The red thread of this early summer 2008 issue of the journal is Non-Fiction. First off, four essays proposing that translation is a special case of non-fiction writing, have been gathered by guest editor Emily Goedde in a Special Section. The wide-flung pieces—one concerned with translation and memory, one with the voice a translator might share with a non-fiction writer, one on some rules of editing in the Hebrew Bible, and one on (not) translating Chinese travel literature—all shared at one point a panel at the 2007 NonFictioNow conference in Iowa City.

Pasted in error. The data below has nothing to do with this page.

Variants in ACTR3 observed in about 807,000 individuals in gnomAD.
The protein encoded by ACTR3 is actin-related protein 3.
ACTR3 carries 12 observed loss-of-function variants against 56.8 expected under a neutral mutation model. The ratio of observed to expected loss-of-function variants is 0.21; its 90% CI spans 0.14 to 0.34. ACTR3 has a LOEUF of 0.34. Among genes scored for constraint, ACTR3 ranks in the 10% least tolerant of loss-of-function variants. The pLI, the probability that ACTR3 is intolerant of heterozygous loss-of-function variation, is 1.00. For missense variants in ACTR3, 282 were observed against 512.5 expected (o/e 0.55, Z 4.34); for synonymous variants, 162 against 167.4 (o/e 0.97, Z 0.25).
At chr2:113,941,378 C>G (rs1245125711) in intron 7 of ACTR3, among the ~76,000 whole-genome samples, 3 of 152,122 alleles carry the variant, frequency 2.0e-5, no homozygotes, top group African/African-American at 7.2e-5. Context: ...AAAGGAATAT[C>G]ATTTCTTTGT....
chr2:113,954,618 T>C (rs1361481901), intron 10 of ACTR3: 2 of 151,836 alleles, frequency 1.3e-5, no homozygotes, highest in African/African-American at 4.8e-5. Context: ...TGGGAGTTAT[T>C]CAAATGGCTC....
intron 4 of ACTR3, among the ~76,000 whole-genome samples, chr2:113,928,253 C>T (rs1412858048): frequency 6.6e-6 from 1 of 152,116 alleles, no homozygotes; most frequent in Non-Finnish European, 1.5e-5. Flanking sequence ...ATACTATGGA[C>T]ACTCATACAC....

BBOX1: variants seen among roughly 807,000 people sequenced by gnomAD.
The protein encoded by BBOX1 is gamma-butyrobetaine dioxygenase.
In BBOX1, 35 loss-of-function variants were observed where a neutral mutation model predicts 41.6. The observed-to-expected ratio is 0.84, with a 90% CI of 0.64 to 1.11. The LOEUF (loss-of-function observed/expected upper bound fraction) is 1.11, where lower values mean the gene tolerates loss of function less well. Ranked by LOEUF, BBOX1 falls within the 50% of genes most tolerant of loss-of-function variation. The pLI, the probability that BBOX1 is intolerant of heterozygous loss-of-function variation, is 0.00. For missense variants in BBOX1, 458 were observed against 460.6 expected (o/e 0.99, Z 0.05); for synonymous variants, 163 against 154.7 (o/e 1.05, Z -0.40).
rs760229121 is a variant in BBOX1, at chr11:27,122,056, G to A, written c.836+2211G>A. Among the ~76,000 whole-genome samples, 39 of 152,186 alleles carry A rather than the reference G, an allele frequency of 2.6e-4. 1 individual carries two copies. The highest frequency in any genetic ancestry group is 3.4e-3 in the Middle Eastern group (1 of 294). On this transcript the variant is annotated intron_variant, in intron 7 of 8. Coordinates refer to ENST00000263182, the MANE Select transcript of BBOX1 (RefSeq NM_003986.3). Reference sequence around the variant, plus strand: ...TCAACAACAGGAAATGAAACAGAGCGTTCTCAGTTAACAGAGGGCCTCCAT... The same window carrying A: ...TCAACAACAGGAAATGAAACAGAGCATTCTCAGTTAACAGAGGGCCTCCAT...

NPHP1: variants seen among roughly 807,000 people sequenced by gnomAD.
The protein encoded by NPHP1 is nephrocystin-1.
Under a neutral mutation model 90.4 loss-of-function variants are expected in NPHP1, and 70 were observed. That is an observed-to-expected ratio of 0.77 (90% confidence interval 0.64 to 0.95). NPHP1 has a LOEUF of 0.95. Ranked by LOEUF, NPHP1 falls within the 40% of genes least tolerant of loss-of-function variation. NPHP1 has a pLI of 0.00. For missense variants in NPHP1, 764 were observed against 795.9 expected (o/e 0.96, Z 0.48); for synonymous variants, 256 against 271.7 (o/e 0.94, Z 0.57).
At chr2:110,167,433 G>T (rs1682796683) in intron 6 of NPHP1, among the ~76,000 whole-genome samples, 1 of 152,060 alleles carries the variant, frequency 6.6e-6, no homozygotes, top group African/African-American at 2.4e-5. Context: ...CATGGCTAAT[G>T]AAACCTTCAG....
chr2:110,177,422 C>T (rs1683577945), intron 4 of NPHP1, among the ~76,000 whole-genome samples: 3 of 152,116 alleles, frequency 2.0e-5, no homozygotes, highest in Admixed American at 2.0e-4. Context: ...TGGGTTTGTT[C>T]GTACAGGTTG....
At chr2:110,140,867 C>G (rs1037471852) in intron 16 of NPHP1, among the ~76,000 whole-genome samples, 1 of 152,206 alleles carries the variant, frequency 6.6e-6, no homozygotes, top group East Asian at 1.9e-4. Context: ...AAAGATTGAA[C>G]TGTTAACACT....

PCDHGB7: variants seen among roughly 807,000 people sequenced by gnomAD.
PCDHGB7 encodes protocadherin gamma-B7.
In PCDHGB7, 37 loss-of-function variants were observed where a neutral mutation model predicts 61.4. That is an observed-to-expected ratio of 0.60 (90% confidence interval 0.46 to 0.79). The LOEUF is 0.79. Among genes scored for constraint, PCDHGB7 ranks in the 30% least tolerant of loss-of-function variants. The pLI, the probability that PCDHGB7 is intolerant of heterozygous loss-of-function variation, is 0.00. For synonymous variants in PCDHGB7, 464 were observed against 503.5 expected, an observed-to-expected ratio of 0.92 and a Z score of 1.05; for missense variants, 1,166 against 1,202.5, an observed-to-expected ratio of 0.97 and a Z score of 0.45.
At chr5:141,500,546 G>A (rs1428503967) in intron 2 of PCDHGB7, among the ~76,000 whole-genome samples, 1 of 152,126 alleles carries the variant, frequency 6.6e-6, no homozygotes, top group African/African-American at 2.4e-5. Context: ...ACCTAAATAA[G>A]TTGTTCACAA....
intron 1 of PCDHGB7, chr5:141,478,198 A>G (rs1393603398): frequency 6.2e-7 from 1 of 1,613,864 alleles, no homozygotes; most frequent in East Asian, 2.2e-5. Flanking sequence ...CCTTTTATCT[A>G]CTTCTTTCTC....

The red thread of non-fiction winds on, through a series of East Asian spaces: Lawrence Pun meditates on ground rules of urban renewal Hong Kong might be learning from New York. Puja Birla maps her Bombay subway routine from the vantage point of the Ladies’ carriage. The Vietnamese journalist Van Cam Hai describes his encounter with the last (?) Tibetan burial master in Lhasa. And finally, a cluster of writings by Al Mustaqueem Radhi, currently managing a think tank in Kuala Lumpur, should offer a sense of the concerns, strategies, and tone of a liberal Islamist intellectual writing to the current situation in Malaysia.

—The Editor